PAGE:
Democratic Alabama senatorial candidate Doug Jones; Republican Alabama senatorial candidate Roy Moore (Joe Readle/Getty Images)

Birmingham, Ala., Tuesday, Dec. 12, 2017, 4:50 p.m. CST: A few minutes ago, I cast my ballot for Doug Jones to fill the Senate seat left empty when Jefferson Beauregard Sessions joined the Trump administration to become America’s chief of police beatings and marijuana arrests law enforcement officer.

Even though the Doug Jones vs. Roy Moore race is the No. 1 political story in the country right now, I don’t think media reports have adequately explained the importance of this election as it relates to the immediate future of the Republican Party and the country as a whole.


The Republican Party currently holds a 52-48 majority in the Senate. If Alabama’s Senate seat switches parties, that will effectively give the GOP a slim one-vote margin in the nation’s highest legislative chamber. Sen. John McCain’s last-minute return to the Senate to doom the American Health Care Act demonstrated how fragile the margin is because convincing two Republicans to defect from the party line is much easier than it is to convince three.

For these reasons, and the fact that—with Donald Trump and Al Franken still in our nation’s capital—Roy Moore could push Washington, D.C.’s per capita vagina-grabbing numbers over the legal limit, there are four things you should know about why it is important that Alabama selects Doug Jones over the allegedly child-molesting constitutional cowboy.

1. It is all about the SCOTUS, baby: Much has been said about Roy Moore’s love for tenth-graders and Doug Jones’ prosecution of the 16th Street Baptist Church bombers. But this election will affect a bigger dream of Republicans across the country: the opportunity to overturn Roe v. Wade.


In April, Republicans changed the Senate rules to allow a simple majority instead of 60 votes to confirm U.S. Supreme Court nominees. This “nuclear option” means that the minority party can’t reject a nominee unless it convinces at least three Republicans to join its dissent. It is much easier to convince two Republicans than three.

Many of Alabama’s Republicans claim to find Moore despicable, but they are willing to cast a vote for him because they desperately want to outlaw abortion. Now, Republican senators know that Roe v. Wade will probably never be overturned, but the ability to appoint a conservative justice could affect their stranglehold on power. The court will soon hear two cases about the legality of political gerrymandering, a ruling that will affect how party lines are drawn nationwide.


2. White Jesus vs. Black Jesus: This is an existential battle of White Jesus vs. Black Jesus. Die-hard Republicans in Alabama actually believe that God wants Moore to go to Washington to save their country. Apparently, Moore is teaming up with Jesus Chadwick Christ to make the Ten Commandments law, cure homosexuality and stop the “gay agenda” from turning our boys transgender by rubbing up against them in bathrooms.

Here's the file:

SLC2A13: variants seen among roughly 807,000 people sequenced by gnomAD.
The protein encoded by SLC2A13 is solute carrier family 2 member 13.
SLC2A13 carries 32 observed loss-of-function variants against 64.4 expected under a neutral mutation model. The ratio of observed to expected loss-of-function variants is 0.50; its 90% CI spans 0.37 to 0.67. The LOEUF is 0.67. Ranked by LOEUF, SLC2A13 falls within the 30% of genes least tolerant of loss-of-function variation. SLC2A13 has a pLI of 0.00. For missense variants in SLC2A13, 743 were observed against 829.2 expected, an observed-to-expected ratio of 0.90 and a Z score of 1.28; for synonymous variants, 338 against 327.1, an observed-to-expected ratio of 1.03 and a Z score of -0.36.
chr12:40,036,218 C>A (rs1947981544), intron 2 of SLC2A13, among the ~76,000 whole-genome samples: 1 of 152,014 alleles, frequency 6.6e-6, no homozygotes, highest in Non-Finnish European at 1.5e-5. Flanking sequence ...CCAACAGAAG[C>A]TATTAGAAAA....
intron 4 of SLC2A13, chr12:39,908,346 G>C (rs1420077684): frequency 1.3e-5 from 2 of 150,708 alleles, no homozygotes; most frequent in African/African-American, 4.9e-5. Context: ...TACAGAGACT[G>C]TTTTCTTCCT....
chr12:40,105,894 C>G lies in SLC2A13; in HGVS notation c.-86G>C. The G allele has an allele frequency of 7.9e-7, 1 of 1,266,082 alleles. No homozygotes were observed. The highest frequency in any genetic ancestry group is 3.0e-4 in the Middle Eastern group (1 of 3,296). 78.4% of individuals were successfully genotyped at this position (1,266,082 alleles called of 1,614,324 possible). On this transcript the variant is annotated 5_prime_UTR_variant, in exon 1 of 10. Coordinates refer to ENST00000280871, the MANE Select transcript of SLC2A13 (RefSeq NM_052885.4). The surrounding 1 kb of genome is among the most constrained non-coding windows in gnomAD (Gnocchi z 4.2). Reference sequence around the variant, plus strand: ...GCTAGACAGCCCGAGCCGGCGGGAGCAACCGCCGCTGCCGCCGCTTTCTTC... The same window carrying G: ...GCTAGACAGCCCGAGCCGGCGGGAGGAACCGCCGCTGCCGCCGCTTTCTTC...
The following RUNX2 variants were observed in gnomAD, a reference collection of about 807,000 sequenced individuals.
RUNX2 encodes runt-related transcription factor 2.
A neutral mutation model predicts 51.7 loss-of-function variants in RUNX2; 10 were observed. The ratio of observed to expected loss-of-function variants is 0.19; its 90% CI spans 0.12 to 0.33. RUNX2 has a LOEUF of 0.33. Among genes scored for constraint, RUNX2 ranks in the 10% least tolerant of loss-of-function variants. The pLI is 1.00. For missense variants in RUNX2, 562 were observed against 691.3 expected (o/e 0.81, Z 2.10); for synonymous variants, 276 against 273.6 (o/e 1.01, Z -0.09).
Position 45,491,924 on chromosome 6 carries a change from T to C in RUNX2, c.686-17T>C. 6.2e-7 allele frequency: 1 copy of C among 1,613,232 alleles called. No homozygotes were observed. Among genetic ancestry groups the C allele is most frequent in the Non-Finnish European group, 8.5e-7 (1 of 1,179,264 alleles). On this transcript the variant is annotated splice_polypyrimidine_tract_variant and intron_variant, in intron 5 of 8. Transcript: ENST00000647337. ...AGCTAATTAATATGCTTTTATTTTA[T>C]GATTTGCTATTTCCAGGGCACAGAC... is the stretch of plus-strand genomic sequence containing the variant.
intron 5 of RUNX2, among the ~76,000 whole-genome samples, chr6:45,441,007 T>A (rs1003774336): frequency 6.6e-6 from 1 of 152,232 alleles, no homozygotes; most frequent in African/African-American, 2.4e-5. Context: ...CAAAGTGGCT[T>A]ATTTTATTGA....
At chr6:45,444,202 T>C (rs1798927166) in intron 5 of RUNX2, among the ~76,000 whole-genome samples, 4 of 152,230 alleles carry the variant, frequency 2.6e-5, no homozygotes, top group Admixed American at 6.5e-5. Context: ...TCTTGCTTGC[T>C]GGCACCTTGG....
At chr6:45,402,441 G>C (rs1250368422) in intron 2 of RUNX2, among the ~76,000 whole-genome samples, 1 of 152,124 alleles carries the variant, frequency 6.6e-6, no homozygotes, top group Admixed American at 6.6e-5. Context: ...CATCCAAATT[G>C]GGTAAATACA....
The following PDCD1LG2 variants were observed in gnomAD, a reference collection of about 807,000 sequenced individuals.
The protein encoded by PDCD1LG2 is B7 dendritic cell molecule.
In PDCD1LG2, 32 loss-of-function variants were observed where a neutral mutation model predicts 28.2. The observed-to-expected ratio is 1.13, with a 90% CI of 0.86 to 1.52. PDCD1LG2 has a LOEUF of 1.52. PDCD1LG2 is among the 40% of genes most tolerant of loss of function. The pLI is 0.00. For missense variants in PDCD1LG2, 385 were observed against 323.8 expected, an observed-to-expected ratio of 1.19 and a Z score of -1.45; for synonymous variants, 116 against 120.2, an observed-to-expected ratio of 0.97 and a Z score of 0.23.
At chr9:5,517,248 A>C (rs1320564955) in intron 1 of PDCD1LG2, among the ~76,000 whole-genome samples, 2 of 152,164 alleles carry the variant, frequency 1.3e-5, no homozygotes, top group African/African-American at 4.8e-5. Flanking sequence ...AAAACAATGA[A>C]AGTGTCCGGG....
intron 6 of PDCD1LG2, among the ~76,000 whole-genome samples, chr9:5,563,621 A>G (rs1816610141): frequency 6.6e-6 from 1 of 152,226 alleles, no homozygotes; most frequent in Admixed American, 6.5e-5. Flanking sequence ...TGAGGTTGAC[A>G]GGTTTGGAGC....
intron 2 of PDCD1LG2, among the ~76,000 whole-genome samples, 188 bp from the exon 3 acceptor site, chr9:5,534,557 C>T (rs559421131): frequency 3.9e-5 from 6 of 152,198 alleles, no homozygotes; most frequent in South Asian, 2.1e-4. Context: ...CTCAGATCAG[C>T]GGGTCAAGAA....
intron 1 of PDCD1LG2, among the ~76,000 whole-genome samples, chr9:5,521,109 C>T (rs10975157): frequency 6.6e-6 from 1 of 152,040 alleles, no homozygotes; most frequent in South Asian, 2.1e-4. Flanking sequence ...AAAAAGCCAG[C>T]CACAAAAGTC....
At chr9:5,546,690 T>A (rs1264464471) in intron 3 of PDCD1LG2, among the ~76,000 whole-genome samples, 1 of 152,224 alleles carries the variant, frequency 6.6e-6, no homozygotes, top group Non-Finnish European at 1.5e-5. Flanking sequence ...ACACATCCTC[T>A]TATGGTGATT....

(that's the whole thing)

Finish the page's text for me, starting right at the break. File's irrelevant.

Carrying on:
Black Jesus, on the other hand, simply hates when people use his name in vain. Oh ... and the whole molestation thing.

Black Jesus hates that, too.

3. 2018 elections: The GOP stands to lose a few seats in next year’s elections because of the dumpster fire that is the Trump administration. The only way Republicans could possibly save themselves is to pass legislation that appeals to their current base, and one less Republican senator makes that increasingly difficult.


Roy Moore is basically a hillbilly version of Donald Trump. His presence in the Senate would mean that the White House would have another advocate in the Senate to push Trump’s anti-immigrant agenda, Mike Pence’s religious freedom wet dreams and Jeff Sessions’ history of disenfranchising voters.

4. The first “alt-right” senator: There are Roy Moore-like politicians in the House of Representatives, like Steve King (R-Iowa) and Louie Gohmert (R-Texas), but senators tend to be more moderate because they have to rally the support of their respective state. Moore would be the first senator backed by Steve Bannon, effectively giving legitimacy to the perception that the alt-right whisperer is the next kingmaker of the Republican Party.

If Moore wins, it will send a signal to Republicans that the Trump-Bannon base of their party has enough political clout to get them elected, and that could likely shift Republican ideology further right. I know that doesn’t seem possible, but when you hear about bills outlawing Shariah law, speaking “Mexican,” sex in any position other than missionary and the White Lives Matter Protection Act of 2018, just remember I told you so.


I will be updating this post throughout the evening, so check in with us for results, on-the-ground coverage and intermittent hymns begging Black Jesus, the voting gods and Beyoncé for grace, mercy and non-pedophile-related blessings.